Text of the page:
This brief overview provides a description of a rubric approach applied to tenure evaluation and links to a couple of examples. As noted, quality tenrue rubrics would need to address three elements; criteria, levels of performance, and descriptors. The first two are relatively easy to delineate in most academic programs. For example, criteria broadly fall into some mix of research, teaching, and service, often spelled out in contracts with proportion of time/effort assigned to each. In research university settings, it is common to see the research apportionment to be in the neighborhood of 50%.
The question of levels of performance are also typically well-defined within an academic institution framework. At the University of Nebraska-Lincoln, we employ a standard 5-point evaluation with the following adjectives: inadequate, adequate, good, superior, and outstanding. The university criteria for promotion specifies a faculty member reaching an overall assessment of superior or better, and for tenure a reasonable expectation of continued performance at this level in the future.
The difficulty is encountered when we move to the third element, descriptors. What does a ‘superior’ look like at the end of the fifth year of pre-tenure employment as a faculty member. For most disciplines, this is when the research record will be sent out to a set of experts in the field, external reviewers from similar types of institutions for an independent evaluation of productivity. Has the feedback and evaluation through these first five years been clear and consistent enough that a pre-tenure faculty members have some clear sense where they sit?
In addition, if we wait until the fifth year, it is really too late? It seems logical to have some system of markers along the way, that help pre-tenure faculty assess their trajectories. One logical approach to this may be to develop rubrics that are associated with any major pre-tenure evaluations. In my college, we have three pre-tenure reappointment evaluations which include votes from the tenured faculty in the department. These assessments, conducted during the second, third, and fourth years provide a logical place to consider whether we could articulate descriptors for evaluation rubrics.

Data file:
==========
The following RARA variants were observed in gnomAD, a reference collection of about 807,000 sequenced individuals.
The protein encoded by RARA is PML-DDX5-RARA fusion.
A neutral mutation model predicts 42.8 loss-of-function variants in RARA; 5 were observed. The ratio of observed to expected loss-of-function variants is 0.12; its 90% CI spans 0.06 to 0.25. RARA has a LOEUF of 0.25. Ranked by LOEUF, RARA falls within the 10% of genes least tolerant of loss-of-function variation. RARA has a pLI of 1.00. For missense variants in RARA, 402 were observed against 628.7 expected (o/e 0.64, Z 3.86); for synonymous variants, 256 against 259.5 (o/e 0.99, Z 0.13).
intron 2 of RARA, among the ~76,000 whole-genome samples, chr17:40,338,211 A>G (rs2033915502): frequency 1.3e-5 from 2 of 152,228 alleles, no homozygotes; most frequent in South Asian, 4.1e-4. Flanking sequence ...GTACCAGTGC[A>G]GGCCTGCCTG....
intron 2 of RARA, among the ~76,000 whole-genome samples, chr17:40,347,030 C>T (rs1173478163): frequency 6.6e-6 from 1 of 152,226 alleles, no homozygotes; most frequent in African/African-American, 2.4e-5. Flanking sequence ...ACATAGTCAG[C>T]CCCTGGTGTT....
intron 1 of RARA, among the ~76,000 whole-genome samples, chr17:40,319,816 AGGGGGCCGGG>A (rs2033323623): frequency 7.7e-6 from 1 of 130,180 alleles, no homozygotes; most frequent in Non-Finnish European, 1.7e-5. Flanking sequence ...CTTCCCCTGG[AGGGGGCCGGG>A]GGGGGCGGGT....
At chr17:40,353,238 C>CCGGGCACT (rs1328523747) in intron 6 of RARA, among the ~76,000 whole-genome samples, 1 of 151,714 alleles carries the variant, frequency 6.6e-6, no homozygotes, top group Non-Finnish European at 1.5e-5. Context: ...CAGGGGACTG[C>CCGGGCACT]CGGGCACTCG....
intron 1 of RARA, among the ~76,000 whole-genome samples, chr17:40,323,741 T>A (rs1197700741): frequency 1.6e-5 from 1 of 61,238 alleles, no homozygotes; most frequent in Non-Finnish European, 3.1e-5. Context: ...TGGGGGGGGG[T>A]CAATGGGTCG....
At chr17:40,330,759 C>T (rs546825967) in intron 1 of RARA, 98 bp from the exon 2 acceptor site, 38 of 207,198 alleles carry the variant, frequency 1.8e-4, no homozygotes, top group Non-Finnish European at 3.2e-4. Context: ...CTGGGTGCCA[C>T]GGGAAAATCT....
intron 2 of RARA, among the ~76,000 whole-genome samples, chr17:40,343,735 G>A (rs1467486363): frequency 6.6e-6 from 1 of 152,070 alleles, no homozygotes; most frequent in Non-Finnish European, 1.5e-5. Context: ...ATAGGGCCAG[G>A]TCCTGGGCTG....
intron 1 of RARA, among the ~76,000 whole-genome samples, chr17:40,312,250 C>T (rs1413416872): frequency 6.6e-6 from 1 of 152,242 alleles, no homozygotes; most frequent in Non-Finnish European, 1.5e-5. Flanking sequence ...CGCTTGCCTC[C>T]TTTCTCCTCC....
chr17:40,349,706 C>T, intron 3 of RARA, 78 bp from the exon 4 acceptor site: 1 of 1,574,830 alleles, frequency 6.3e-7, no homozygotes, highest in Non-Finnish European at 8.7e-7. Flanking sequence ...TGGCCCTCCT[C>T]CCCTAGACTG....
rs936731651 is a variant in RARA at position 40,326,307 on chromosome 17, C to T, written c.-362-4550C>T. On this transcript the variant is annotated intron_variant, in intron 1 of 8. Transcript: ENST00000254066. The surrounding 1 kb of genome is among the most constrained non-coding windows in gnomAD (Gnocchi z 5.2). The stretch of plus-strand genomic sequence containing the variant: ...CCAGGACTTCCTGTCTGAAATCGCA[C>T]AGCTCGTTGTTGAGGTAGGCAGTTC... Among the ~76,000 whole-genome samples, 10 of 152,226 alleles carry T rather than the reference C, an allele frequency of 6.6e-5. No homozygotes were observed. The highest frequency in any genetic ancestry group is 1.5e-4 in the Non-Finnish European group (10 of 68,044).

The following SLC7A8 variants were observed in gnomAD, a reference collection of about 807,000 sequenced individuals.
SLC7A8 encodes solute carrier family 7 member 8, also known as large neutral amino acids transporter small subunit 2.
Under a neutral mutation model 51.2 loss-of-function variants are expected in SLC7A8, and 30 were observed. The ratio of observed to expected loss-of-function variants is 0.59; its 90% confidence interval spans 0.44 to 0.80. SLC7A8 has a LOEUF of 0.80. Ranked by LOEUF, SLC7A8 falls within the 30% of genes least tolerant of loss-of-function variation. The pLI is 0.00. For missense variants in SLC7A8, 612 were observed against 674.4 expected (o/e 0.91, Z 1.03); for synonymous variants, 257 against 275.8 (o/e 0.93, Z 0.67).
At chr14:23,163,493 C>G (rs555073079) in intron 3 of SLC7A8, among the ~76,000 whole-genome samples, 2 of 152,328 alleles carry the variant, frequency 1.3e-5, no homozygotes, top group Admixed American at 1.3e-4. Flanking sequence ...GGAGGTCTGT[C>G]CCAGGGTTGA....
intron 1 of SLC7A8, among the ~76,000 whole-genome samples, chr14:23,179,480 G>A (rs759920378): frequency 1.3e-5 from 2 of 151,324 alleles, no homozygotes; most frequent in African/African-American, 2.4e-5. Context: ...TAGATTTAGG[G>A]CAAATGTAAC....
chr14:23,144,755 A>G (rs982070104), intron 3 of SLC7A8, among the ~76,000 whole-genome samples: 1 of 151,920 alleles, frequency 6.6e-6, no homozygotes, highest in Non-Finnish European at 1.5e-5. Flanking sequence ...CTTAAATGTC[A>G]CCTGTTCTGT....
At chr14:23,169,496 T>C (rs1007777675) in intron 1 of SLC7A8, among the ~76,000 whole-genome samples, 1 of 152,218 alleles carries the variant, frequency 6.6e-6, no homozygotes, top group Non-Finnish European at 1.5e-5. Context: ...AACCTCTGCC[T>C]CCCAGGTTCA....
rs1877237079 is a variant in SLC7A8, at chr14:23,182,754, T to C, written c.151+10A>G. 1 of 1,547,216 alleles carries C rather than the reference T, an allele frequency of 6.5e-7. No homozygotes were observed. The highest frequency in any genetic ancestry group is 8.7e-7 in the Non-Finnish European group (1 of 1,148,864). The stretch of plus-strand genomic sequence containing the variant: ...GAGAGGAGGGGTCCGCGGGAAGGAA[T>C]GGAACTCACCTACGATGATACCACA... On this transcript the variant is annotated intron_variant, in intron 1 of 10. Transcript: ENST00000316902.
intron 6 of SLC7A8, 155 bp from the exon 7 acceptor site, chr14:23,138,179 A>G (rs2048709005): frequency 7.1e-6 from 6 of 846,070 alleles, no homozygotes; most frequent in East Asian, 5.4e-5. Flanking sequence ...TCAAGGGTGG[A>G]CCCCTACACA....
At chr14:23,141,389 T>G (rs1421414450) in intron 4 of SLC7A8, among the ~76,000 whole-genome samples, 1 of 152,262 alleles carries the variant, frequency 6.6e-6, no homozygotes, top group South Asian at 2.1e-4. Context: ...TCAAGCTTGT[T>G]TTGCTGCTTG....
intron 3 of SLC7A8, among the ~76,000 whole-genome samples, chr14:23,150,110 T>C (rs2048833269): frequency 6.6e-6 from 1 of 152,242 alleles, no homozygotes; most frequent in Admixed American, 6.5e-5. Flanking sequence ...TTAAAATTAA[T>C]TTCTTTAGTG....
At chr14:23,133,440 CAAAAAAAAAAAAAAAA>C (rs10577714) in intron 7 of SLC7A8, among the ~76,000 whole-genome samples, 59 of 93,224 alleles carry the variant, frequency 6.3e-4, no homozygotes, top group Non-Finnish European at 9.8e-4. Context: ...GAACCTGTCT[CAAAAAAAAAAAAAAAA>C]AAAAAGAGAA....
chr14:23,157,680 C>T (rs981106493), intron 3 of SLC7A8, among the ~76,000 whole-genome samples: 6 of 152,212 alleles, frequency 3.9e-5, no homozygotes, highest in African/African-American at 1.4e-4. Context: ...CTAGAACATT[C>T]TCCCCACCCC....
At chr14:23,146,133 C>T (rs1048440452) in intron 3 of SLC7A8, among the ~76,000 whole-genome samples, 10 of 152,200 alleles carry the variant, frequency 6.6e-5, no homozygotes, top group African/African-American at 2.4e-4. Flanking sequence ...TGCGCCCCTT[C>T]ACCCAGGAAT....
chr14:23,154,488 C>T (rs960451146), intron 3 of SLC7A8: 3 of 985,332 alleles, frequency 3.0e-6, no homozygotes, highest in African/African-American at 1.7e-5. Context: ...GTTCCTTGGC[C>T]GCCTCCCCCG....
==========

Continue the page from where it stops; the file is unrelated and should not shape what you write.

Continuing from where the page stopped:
The challenge with developing descriptors attached to evaluation adjectives is to make them specific enough to provide guidance and feedback, but general enough to capture diversity in paths to research creativity and impact. This challenge can be exacerbated in disciplines where there is variation in research methodology, publishing mode, and external grant support across sub-fields.
All of which leads me to these questions.
Can department based pre-tenure evaluation rubrics be developed that are broad enough to capture reasonable variations in paths to productivity and impact, yet still retain enough substance to be a useful resource for pre-tenure faculty?
If created, are rubrics helpful to pre-tenure faculty? Are they helpful to tenured faculty making the evaluations?
Are there some circumstances in which development of pre-tenure rubrics work to the disadvantage of departments?
On the balance, do the benefits outweigh the costs?
Over the next few posts, I will try to address some of these questions.